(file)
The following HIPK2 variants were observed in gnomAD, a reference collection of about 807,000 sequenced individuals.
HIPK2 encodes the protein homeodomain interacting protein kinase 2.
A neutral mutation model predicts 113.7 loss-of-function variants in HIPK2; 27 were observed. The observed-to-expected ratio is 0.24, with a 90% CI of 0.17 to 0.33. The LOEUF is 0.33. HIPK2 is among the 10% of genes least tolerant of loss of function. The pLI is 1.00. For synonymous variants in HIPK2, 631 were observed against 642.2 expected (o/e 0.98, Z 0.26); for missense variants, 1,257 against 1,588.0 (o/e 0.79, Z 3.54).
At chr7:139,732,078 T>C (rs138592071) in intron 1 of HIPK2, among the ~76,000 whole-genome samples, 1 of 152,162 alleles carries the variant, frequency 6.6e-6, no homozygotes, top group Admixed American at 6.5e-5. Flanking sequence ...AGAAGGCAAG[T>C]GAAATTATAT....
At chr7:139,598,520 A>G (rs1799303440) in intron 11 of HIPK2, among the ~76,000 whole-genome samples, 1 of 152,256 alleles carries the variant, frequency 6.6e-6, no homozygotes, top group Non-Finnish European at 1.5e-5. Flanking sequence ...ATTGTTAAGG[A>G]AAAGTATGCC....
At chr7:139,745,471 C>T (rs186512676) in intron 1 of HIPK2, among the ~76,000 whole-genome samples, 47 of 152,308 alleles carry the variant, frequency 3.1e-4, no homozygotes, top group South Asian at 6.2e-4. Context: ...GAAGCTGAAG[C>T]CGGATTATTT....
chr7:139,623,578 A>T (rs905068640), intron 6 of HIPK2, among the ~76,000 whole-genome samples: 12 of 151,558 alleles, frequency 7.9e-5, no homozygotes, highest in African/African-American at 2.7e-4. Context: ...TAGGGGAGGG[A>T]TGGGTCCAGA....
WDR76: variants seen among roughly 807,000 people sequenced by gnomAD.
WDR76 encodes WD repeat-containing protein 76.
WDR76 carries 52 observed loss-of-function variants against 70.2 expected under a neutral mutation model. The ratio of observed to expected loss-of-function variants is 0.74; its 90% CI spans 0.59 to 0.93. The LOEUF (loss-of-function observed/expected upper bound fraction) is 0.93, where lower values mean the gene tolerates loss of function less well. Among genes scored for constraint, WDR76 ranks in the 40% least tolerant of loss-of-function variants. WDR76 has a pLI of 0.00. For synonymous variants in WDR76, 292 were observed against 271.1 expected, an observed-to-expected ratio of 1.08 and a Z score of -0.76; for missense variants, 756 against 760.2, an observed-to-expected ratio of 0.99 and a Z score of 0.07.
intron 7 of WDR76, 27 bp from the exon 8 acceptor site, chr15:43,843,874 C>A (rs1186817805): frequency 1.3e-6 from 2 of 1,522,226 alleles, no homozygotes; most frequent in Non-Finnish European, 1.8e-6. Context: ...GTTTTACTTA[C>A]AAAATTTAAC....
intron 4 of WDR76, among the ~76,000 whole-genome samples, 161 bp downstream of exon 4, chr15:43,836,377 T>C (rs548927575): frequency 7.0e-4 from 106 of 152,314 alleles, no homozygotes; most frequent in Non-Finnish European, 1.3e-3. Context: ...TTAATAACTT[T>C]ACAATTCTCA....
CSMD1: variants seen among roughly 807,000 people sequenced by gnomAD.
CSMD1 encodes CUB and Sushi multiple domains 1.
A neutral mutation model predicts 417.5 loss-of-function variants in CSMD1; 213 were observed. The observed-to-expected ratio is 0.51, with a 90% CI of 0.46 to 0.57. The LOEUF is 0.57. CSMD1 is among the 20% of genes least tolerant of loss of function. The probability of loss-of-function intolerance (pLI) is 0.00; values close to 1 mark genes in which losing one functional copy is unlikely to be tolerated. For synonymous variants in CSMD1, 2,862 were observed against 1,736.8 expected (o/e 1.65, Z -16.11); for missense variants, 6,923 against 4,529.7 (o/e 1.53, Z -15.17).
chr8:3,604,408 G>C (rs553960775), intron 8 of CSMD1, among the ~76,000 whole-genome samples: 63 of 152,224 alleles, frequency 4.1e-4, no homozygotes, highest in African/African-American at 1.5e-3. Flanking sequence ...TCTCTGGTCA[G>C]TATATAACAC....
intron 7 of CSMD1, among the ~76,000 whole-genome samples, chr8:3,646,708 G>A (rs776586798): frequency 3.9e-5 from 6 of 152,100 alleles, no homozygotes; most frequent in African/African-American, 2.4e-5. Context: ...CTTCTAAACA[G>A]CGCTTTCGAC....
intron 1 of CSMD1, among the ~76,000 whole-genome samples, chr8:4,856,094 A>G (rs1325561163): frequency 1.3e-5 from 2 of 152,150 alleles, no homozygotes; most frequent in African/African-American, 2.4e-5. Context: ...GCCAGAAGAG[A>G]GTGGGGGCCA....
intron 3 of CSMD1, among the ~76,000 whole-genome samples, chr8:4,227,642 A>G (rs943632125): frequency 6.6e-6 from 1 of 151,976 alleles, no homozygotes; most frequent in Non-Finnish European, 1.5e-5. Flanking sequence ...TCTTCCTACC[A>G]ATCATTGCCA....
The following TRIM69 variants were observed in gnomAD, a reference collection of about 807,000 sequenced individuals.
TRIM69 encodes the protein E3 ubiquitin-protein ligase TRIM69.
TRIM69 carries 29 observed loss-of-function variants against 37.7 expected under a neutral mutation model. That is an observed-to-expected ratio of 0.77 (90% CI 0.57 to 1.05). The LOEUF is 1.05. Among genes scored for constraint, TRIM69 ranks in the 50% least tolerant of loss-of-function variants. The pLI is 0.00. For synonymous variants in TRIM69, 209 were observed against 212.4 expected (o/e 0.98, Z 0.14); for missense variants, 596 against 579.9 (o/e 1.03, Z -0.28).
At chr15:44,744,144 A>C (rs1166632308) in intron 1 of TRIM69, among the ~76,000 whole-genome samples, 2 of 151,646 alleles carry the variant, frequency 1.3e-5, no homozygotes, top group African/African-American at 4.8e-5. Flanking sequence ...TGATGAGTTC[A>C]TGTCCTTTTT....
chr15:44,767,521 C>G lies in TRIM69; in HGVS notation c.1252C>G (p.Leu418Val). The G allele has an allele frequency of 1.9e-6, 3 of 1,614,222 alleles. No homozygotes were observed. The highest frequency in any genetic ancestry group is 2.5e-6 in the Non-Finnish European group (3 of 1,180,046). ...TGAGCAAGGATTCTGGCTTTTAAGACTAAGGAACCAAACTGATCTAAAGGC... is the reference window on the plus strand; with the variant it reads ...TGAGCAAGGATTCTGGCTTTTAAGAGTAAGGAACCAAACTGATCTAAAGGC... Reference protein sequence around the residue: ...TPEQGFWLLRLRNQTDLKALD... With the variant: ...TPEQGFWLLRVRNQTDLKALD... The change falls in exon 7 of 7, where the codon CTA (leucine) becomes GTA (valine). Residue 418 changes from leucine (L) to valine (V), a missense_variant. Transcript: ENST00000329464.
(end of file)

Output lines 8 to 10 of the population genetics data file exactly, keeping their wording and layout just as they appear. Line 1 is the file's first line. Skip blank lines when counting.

WDR76: variants seen among roughly 807,000 people sequenced by gnomAD.
WDR76 encodes WD repeat-containing protein 76.
WDR76 carries 52 observed loss-of-function variants against 70.2 expected under a neutral mutation model. The ratio of observed to expected loss-of-function variants is 0.74; its 90% CI spans 0.59 to 0.93. The LOEUF (loss-of-function observed/expected upper bound fraction) is 0.93, where lower values mean the gene tolerates loss of function less well. Among genes scored for constraint, WDR76 ranks in the 40% least tolerant of loss-of-function variants. WDR76 has a pLI of 0.00. For synonymous variants in WDR76, 292 were observed against 271.1 expected, an observed-to-expected ratio of 1.08 and a Z score of -0.76; for missense variants, 756 against 760.2, an observed-to-expected ratio of 0.99 and a Z score of 0.07.